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Florida Legislature Declines State Law Granting LGBT Protections at Work

The Florida Competitive Workforce Act seemed like a step in the right direction for Florida lawmakers – a recently proposed bill (SB 120) which would expressly prohibit discrimination in the workplace against gay and transgender employees. However, the Florida legislature did not pass the bill. The bill not only aimed to prevent employment discrimination in Florida, but it also intended to curtail other forms of discrimination against Lesbian, Gay, Bisexual, and Transexual (LGBT) individuals. Proponents of the bill urged support to bolster Florida’s global competitiveness in the marketplace, but it all came down to bathroom access, which many surmise was the bill’s demise.

What could the bill have done if it had passed? And what can we do now to prevent discrimination at work that arises because of a person’s sexual orientation or gender identity?

Learning More About the Florida Competitive Workforce Act

According to the website for the proposed law, passing this bill would have made Florida “more competitive in the national and global marketplace.” Why would a law that prohibits discrimination make Florida employers more competitive? In short, as the website contends, companies that have introduced similar anti-discrimination policies have benefited economically, attracting employees from various parts of the country (and the world). In addition, passing the law would have brought Florida’s state laws “in line with many Fortune 500 companies that offer such protections.”

With the Florida legislature’s failure to pass the bill, however, those in favor of it have to question whether lawmakers have forced our state to take a big step backward in its ability to attract—and retain—valuable employees.

Lawmaker Opposition to the Bill and the Future of LGBT Anti-Discrimination Legislation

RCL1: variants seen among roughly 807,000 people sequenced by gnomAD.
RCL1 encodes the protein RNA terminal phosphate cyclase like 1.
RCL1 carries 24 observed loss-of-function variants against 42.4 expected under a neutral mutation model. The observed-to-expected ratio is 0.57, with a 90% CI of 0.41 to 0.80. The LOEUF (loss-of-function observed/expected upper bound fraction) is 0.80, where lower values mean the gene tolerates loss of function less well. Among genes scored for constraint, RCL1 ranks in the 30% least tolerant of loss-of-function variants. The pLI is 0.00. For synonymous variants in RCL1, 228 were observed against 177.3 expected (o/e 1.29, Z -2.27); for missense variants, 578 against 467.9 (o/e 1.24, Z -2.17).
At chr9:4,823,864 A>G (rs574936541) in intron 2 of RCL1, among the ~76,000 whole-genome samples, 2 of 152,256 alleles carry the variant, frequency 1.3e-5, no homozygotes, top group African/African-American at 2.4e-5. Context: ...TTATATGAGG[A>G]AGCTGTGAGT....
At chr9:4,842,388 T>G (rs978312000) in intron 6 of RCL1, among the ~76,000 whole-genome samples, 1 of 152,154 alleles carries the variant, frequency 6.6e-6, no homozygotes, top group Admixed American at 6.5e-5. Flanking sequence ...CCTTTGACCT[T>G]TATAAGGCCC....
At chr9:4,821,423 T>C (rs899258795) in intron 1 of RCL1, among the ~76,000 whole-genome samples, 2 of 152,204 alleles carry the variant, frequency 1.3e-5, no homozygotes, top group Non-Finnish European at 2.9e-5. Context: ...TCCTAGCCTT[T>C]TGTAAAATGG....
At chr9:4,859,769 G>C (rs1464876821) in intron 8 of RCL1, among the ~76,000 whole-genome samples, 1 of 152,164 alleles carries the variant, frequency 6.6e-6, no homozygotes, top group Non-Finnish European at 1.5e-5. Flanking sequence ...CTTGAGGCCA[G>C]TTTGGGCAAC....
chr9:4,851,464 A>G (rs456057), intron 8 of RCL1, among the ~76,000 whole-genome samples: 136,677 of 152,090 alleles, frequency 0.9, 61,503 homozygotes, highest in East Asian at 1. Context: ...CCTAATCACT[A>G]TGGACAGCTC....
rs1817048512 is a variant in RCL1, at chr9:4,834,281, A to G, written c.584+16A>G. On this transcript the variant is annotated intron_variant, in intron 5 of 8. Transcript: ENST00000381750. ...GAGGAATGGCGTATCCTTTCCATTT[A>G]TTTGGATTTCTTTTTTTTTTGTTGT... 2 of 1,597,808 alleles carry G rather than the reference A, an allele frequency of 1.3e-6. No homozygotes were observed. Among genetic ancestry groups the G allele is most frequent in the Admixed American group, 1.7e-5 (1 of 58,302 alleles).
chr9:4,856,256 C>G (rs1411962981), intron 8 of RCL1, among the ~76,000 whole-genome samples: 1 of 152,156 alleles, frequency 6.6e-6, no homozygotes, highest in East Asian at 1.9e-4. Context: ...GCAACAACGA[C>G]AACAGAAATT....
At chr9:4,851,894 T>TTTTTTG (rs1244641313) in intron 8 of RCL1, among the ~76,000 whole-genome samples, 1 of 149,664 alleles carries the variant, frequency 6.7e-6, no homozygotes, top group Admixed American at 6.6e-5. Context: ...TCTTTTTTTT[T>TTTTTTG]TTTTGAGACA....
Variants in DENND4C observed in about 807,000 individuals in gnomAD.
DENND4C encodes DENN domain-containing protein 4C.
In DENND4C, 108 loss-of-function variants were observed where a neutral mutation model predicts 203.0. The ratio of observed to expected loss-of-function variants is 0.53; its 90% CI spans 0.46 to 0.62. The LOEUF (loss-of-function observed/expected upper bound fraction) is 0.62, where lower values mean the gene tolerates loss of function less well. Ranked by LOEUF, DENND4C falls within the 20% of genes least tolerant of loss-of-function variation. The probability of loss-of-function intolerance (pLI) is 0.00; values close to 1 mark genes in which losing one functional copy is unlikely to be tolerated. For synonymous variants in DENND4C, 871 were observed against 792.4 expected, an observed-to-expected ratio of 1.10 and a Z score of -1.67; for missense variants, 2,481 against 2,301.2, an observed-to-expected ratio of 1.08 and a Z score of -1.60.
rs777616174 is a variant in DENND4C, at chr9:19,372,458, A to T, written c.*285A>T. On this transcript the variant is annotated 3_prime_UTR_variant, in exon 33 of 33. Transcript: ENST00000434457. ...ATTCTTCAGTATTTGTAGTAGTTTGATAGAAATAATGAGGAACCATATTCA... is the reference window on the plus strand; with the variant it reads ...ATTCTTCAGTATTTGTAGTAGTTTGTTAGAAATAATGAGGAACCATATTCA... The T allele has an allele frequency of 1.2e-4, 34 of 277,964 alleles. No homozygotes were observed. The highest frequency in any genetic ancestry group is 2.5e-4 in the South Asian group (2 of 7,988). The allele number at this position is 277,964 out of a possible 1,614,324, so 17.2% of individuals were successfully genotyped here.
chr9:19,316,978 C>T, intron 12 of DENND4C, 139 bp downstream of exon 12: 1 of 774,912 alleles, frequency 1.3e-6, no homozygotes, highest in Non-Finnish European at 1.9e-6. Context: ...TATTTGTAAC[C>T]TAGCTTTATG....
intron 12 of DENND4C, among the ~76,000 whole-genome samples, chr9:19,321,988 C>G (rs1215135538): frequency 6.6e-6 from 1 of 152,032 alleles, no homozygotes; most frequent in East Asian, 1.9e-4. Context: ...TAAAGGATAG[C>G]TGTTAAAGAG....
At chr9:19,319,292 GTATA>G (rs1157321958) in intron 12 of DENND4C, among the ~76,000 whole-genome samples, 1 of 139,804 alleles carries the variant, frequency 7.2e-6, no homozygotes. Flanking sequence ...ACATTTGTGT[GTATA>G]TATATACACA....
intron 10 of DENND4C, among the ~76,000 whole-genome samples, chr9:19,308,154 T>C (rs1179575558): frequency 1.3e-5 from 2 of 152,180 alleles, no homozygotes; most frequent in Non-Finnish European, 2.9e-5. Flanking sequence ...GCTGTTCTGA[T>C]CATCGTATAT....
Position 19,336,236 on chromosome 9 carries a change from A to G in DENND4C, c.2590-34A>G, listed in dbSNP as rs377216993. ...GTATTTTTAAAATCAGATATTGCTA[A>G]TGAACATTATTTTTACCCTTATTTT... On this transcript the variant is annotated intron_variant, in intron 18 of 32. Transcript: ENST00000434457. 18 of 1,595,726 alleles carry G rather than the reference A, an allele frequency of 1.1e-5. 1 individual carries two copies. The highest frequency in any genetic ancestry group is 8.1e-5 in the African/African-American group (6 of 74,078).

The bill’s flop was not a total surprise. Earlier this year, an article in the Miami New Times reported that the bill was stalled in the Florida Senate, citing lawmakers’ seemingly irrelevant concerns about transgender employees and bathroom choices.

LGBT activists, in addition to a number of Florida employers such as Disney and Winn-Dixie, supported the bill and pressed for its passing in the legislature. Previous years saw similar LGBT anti-discrimination bills developed in our state (indeed, 2016 is the tenth year in which such a bill has been introduced). Up until this year, however, an LGBT anti-discrimination bill had not been heard in either the Florida House of Representatives or the Florida Senate, both Republican-controlled. But does the fact that the bill made it to a hearing—and did not pass—really indicate any progress?

It is difficult to know how such bills will fare in the future. In the meantime, LGBT employees may still find protections under Title VII of the Civil Rights Act of 1964, which prohibits discrimination on the basis of gender, as well as Florida Civil Rights Act, which largely mimics applications of the federal counterpart. The Equal Employment Opportunities Commission recently announced intentions to process charges for sexual orientation discrimination under gender discrimination.

Additionally, a number of Florida’s cities and counties have ordinances that ban anti-gay discrimination. If you believe you have been subject to employment discrimination, a dedicated Florida labor lawyer can help. Contact Scott • Wagner and Associates to discuss your case.

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Florida 561-653-0008 California 213-377-5200
* Cathleen Scott is licensed to practice in Florida only.

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